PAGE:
‘Misfits’ Erase Stigma of Unemployment


There’s no point in sugar coating it – being unemployed sucks. Aside from the fact that you’re not getting a paycheck, there is also this stigma that comes with being unemployed. Unemployment has this way of eliciting unwanted pity from others and creates internal frustration. And then, there’s the added factor of trying to figure out how to fill your days when you don’t have that 9-to-5 keeping you busy. However, these components of unemployment are things that people rarely talk about…until two best friends came along.

Pavi and Nammy, two friends living in Houston, both wound up becoming unemployed around the same time. While they have been friends for years, this was the first time their professional lives had become parallel. Pavi was laid off from her engineering position in the oil and gas industry, while Nammy left her job to move to Austin, only to have to come back to Houston with no job. Both women had been in the unemployment position prior to the current standings, but this time, they decided to take a new approach.

The girls developed the idea of “The 9-to-5 Misfits,” a YouTube channel dedicated to shining a friendly light on unemployment. After talking about their own unemployment situations, and the number of others in the same shoes, Pavi and Nammy opted to help. “It hit us – if we could just give all of them an “unemployment buddy” like we had, and tell people about our previous experience and all the lessons we’d learned, maybe it would help others feel more at ease,” said Pavi. The girls realized that now was the best time to do this, being that they were going through similar struggles. “That’s what set everything in motion. We started to talk about it and felt so much better, because I’m going through this with my best friend,” said Nammy.

The YouTube channel has a series of episodes that are dedicated to different topics under the umbrella of unemployment. The first episode explains Pavi and Nammy’s backstories, and gives viewers (especially those that may be experiencing the same issues) some reassurance and a good laugh. Additional episodes feature topics including: budgeting, staying fit, keeping a good social life, etc. Every episode features sound advice straight from the mouths of those who have gone, and are going, through unemployment. The most inspiring aspect of the Misfits is that they are deciding to be true to themselves and are looking to achieve what they want in the form on entrepreneurial-ship.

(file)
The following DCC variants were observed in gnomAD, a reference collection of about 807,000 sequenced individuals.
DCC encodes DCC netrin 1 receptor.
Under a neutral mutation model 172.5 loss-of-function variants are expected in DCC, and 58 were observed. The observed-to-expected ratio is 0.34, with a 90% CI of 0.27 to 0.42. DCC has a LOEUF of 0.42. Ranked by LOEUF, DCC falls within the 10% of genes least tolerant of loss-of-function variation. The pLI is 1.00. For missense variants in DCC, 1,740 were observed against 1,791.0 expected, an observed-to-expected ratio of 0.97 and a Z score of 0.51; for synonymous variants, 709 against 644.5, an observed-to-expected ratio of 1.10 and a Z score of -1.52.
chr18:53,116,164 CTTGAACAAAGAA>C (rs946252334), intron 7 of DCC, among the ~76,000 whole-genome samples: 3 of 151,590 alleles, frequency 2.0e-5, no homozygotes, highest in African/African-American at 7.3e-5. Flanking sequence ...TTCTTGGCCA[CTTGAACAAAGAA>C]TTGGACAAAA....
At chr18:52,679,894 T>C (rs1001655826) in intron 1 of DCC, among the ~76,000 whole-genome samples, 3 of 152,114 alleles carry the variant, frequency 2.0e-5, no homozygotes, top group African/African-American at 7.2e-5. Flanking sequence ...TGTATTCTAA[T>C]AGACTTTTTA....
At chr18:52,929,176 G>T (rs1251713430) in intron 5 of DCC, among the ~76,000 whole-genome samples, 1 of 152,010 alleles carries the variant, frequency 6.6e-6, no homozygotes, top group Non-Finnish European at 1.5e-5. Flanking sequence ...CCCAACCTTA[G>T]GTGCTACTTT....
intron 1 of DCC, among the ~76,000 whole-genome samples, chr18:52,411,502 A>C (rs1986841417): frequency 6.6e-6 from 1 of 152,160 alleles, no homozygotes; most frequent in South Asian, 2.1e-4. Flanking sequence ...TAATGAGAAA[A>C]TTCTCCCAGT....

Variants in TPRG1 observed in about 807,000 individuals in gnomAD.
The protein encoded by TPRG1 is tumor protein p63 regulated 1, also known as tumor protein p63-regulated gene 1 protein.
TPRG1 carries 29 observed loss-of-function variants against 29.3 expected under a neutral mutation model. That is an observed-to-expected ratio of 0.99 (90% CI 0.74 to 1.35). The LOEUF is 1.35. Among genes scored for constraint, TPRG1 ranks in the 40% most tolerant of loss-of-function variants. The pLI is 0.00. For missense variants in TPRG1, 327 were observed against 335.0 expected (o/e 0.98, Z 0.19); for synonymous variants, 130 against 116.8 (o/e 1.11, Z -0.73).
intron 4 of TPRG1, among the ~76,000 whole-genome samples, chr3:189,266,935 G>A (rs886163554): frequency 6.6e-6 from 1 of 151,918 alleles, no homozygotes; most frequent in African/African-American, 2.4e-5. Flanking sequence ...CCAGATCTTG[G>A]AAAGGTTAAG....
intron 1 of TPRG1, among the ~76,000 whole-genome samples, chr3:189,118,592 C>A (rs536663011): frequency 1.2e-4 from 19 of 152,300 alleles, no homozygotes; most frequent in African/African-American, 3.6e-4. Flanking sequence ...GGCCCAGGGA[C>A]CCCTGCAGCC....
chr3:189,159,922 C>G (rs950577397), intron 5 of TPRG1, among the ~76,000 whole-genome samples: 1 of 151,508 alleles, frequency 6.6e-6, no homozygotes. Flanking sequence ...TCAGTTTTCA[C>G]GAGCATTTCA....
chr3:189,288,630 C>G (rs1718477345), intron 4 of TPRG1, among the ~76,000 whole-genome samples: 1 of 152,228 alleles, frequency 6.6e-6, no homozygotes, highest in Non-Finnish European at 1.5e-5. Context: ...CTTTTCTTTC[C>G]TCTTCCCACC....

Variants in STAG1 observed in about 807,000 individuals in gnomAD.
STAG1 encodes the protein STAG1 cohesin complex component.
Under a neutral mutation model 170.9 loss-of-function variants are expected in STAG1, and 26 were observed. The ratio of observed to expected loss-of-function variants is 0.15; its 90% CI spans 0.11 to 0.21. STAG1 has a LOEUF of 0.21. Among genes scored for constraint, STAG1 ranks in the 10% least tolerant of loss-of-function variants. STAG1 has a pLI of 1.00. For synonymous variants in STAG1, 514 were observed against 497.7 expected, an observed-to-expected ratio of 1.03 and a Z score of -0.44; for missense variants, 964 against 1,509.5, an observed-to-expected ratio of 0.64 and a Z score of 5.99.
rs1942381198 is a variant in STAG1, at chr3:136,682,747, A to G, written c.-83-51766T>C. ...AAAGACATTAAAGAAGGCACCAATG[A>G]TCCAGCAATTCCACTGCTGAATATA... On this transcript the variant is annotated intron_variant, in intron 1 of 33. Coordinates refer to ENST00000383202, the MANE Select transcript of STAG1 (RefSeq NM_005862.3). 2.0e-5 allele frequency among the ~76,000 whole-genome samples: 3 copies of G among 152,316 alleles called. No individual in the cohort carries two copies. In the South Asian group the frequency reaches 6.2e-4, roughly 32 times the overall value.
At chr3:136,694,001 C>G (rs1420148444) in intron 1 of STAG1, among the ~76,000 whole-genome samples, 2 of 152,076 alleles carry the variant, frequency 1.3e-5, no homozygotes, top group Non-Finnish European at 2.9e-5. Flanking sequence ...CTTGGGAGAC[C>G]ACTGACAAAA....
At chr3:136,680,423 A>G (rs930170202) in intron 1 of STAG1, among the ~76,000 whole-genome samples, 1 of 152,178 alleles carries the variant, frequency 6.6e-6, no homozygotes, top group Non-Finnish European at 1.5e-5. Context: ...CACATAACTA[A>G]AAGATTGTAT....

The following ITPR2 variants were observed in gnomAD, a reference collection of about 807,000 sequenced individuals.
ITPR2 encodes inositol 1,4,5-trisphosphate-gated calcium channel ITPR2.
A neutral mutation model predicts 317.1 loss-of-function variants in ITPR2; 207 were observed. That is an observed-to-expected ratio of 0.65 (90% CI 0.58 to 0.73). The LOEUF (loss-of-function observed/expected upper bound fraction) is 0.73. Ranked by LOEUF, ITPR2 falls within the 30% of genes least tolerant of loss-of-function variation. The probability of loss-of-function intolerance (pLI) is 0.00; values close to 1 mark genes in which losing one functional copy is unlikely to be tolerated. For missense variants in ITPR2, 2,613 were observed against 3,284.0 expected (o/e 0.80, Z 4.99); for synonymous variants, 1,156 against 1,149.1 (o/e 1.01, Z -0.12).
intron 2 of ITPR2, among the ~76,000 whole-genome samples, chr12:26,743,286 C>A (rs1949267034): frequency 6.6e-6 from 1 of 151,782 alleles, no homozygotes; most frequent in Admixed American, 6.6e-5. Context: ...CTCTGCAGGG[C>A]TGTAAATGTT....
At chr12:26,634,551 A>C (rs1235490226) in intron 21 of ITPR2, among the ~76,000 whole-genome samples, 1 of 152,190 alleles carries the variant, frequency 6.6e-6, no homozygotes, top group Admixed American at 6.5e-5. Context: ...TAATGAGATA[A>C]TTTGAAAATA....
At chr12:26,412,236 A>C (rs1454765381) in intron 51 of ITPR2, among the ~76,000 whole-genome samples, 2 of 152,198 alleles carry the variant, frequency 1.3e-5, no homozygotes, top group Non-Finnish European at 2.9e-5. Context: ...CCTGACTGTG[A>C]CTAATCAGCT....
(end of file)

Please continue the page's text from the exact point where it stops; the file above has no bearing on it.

Nammy asserts that, when going through the trenches of unemployment, you should always replace the word “should” with the word “want.” Instead of working in a field that she felt she “should” be part of, she finally asked herself what she wanted, which is how she happened upon this venture. Pavi feels that it is important for people to always tell their stories. With that, she wants people to know that it is normal to feel down when unemployed, but, at the end of the day, it’s not your fault. “I know that I needed to learn that the hard way because I did go through all the phases of death when I was unemployed the first time around and got depressed because I felt like I wasn’t worth it. I listened to that key piece of advice this time around and saved myself from eating all the contents of my fridge in one day,” she said.

Since beginning the channel, there have been a few things that the girls have learned. One of the most fascinating has been the amount of people within the “Misfit” community, and how many inspiring stories these community members have had to share. And, as this community grows, there are many eyes on Pavi and Nammy’s story. “When you’re doing something creative and you’re sharing something intimate with the world, you’re in this really vulnerable position and any feedback or constructive criticism you receive can seem almost like a personal attack,” said Nammy. However, they are learning to be more open and objective as their endeavor continues. At the end of the day, Pavi and Nammy are helping to improve the stigma that comes with unemployment, and want others to feel they have a friend in their corner.

Photos Courtesy of Facebook.

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